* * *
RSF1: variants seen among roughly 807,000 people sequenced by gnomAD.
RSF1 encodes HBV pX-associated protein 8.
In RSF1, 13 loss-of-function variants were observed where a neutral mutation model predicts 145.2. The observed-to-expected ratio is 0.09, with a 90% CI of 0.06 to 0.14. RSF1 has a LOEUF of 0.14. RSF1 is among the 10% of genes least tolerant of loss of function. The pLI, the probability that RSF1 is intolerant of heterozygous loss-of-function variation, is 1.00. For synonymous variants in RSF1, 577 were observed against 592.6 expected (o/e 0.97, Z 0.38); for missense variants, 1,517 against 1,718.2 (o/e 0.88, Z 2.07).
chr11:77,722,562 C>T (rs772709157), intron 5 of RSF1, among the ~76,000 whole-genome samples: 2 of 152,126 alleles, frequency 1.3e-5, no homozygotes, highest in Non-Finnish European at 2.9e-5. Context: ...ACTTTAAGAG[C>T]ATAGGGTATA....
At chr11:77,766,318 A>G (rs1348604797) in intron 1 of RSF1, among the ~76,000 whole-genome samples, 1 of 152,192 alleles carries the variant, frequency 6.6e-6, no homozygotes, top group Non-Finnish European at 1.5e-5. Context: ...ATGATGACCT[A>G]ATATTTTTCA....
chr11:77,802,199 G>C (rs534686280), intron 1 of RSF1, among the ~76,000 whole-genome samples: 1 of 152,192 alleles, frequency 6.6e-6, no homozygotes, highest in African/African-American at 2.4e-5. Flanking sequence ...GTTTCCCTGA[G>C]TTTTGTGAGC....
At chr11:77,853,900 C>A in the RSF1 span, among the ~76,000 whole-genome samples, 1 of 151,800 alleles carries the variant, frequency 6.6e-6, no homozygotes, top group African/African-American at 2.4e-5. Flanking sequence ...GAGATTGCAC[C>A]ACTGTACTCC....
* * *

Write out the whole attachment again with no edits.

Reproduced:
RSF1: variants seen among roughly 807,000 people sequenced by gnomAD.
RSF1 encodes HBV pX-associated protein 8.
In RSF1, 13 loss-of-function variants were observed where a neutral mutation model predicts 145.2. The observed-to-expected ratio is 0.09, with a 90% CI of 0.06 to 0.14. RSF1 has a LOEUF of 0.14. RSF1 is among the 10% of genes least tolerant of loss of function. The pLI, the probability that RSF1 is intolerant of heterozygous loss-of-function variation, is 1.00. For synonymous variants in RSF1, 577 were observed against 592.6 expected (o/e 0.97, Z 0.38); for missense variants, 1,517 against 1,718.2 (o/e 0.88, Z 2.07).
chr11:77,722,562 C>T (rs772709157), intron 5 of RSF1, among the ~76,000 whole-genome samples: 2 of 152,126 alleles, frequency 1.3e-5, no homozygotes, highest in Non-Finnish European at 2.9e-5. Context: ...ACTTTAAGAG[C>T]ATAGGGTATA....
At chr11:77,766,318 A>G (rs1348604797) in intron 1 of RSF1, among the ~76,000 whole-genome samples, 1 of 152,192 alleles carries the variant, frequency 6.6e-6, no homozygotes, top group Non-Finnish European at 1.5e-5. Context: ...ATGATGACCT[A>G]ATATTTTTCA....
chr11:77,802,199 G>C (rs534686280), intron 1 of RSF1, among the ~76,000 whole-genome samples: 1 of 152,192 alleles, frequency 6.6e-6, no homozygotes, highest in African/African-American at 2.4e-5. Flanking sequence ...GTTTCCCTGA[G>C]TTTTGTGAGC....
At chr11:77,853,900 C>A in the RSF1 span, among the ~76,000 whole-genome samples, 1 of 151,800 alleles carries the variant, frequency 6.6e-6, no homozygotes, top group African/African-American at 2.4e-5. Flanking sequence ...GAGATTGCAC[C>A]ACTGTACTCC....